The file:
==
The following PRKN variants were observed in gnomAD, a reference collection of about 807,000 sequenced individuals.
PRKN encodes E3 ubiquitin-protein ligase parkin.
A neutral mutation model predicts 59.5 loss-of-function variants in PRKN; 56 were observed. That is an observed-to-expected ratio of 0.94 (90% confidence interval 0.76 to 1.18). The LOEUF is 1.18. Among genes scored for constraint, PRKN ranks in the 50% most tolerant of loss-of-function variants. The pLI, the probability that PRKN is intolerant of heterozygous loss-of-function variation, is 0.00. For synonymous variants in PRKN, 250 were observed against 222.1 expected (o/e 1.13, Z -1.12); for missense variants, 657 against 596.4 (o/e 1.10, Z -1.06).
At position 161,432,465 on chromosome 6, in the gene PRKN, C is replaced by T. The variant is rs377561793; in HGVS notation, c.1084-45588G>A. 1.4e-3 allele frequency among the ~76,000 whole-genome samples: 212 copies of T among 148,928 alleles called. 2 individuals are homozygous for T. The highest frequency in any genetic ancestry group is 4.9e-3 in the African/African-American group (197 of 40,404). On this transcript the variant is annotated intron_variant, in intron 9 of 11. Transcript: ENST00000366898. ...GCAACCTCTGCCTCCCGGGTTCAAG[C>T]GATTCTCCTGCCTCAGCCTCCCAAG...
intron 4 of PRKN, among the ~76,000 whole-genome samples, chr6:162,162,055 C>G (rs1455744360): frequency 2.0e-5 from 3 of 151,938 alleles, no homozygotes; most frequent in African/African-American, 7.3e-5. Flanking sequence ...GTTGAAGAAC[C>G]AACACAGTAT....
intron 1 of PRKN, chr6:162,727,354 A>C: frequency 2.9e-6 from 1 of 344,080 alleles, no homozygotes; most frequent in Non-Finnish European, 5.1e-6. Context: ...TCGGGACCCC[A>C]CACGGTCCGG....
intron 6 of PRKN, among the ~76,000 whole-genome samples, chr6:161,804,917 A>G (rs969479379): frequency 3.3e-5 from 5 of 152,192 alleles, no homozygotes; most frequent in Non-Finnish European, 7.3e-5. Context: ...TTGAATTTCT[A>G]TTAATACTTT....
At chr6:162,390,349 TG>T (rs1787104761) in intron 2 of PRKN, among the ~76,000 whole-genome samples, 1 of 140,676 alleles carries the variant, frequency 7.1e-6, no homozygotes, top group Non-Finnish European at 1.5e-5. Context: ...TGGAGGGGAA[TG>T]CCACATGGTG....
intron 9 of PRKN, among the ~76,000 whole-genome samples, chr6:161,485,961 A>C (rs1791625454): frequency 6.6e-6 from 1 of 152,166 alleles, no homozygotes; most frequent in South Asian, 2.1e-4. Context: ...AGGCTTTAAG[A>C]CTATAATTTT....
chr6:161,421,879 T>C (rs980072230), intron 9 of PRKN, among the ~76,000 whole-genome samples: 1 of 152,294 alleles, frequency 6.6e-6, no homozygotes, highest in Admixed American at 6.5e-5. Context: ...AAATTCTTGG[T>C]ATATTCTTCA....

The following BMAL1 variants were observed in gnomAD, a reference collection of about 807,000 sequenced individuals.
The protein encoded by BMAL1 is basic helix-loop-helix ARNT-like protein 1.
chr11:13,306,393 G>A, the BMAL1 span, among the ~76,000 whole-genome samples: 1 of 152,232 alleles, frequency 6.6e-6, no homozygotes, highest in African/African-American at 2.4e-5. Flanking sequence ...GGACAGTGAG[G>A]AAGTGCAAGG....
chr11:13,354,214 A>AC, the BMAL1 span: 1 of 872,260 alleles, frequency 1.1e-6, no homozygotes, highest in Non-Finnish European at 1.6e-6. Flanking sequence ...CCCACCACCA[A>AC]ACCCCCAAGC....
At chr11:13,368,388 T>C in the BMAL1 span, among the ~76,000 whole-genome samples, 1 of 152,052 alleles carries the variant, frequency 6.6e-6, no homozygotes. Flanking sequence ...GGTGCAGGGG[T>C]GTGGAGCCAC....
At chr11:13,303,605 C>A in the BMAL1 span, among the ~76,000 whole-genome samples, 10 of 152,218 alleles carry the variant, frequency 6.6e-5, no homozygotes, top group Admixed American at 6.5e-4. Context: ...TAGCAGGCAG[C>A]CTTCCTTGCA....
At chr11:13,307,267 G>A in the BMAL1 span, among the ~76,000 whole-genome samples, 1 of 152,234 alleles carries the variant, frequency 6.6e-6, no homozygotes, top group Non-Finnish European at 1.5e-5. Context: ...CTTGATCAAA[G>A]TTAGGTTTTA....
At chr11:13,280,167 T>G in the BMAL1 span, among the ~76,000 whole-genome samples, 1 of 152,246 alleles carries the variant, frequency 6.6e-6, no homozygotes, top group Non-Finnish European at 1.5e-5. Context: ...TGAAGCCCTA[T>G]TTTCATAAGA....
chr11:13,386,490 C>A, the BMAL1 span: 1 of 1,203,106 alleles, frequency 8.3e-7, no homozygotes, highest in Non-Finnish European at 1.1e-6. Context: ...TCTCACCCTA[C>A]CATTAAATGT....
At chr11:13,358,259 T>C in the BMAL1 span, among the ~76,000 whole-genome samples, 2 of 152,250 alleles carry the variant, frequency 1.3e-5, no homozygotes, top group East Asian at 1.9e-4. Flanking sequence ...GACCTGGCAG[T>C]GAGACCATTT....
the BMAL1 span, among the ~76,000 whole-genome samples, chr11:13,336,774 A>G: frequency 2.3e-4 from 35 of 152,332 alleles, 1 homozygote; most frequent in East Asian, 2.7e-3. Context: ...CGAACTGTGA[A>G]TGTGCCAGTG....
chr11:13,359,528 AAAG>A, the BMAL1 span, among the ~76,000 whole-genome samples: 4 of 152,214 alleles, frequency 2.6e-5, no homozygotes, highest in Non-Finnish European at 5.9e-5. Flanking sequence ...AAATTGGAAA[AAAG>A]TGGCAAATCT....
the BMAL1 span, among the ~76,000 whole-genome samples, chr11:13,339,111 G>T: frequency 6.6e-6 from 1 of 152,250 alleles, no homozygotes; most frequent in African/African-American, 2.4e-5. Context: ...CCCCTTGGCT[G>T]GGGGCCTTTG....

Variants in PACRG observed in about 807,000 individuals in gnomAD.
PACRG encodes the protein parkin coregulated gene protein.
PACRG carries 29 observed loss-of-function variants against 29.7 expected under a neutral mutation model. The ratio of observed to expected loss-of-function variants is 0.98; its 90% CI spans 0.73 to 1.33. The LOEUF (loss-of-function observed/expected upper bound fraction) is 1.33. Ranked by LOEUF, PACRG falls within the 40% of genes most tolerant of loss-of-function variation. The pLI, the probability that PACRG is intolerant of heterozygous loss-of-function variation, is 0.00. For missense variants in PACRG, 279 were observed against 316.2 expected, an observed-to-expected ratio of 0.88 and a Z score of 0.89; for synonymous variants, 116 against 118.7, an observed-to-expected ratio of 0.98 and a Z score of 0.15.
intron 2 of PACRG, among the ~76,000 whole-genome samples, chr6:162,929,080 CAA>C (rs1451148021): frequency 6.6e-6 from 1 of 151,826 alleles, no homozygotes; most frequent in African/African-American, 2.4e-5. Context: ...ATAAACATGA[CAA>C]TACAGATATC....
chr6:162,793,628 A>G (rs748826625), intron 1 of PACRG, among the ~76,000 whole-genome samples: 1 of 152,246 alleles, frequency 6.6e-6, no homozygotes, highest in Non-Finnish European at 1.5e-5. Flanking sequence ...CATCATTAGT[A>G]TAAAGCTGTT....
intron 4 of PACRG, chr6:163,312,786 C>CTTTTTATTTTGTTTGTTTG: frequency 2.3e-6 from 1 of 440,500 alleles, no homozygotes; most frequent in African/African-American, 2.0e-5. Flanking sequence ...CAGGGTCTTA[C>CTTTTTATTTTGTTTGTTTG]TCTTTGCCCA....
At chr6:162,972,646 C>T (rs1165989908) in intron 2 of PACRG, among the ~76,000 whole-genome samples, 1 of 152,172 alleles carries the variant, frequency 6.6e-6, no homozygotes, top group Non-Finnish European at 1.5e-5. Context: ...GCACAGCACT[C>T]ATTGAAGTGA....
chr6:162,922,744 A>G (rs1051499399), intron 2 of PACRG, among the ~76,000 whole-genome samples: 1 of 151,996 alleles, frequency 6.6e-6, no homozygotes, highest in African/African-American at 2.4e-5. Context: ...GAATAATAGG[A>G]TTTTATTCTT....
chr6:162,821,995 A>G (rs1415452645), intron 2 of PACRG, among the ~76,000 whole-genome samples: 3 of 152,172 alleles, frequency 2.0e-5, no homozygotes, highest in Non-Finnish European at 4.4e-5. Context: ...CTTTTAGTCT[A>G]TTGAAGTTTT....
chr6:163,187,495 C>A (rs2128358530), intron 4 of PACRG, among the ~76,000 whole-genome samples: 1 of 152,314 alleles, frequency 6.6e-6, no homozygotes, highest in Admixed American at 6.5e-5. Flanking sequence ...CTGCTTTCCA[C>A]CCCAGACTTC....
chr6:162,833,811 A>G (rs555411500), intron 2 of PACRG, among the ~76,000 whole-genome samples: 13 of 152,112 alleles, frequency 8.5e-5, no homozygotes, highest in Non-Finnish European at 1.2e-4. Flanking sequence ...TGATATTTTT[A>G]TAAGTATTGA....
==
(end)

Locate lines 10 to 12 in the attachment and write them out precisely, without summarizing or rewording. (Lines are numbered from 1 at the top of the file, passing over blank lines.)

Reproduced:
chr6:161,421,879 T>C (rs980072230), intron 9 of PRKN, among the ~76,000 whole-genome samples: 1 of 152,294 alleles, frequency 6.6e-6, no homozygotes, highest in Admixed American at 6.5e-5. Context: ...AAATTCTTGG[T>C]ATATTCTTCA....

The following BMAL1 variants were observed in gnomAD, a reference collection of about 807,000 sequenced individuals.
The protein encoded by BMAL1 is basic helix-loop-helix ARNT-like protein 1.